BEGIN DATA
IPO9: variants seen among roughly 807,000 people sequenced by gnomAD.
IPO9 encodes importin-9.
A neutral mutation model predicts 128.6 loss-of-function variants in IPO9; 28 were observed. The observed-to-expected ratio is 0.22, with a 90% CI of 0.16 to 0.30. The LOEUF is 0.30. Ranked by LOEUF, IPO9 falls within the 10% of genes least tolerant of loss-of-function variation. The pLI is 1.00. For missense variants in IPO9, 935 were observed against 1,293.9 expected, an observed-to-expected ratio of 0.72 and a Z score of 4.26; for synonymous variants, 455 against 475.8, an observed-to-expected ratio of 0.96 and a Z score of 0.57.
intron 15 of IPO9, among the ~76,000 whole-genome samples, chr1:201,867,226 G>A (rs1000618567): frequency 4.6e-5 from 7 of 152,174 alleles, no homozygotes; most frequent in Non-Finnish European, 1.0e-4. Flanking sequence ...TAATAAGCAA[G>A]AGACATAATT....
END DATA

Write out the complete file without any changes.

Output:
IPO9: variants seen among roughly 807,000 people sequenced by gnomAD.
IPO9 encodes importin-9.
A neutral mutation model predicts 128.6 loss-of-function variants in IPO9; 28 were observed. The observed-to-expected ratio is 0.22, with a 90% CI of 0.16 to 0.30. The LOEUF is 0.30. Ranked by LOEUF, IPO9 falls within the 10% of genes least tolerant of loss-of-function variation. The pLI is 1.00. For missense variants in IPO9, 935 were observed against 1,293.9 expected, an observed-to-expected ratio of 0.72 and a Z score of 4.26; for synonymous variants, 455 against 475.8, an observed-to-expected ratio of 0.96 and a Z score of 0.57.
intron 15 of IPO9, among the ~76,000 whole-genome samples, chr1:201,867,226 G>A (rs1000618567): frequency 4.6e-5 from 7 of 152,174 alleles, no homozygotes; most frequent in Non-Finnish European, 1.0e-4. Flanking sequence ...TAATAAGCAA[G>A]AGACATAATT....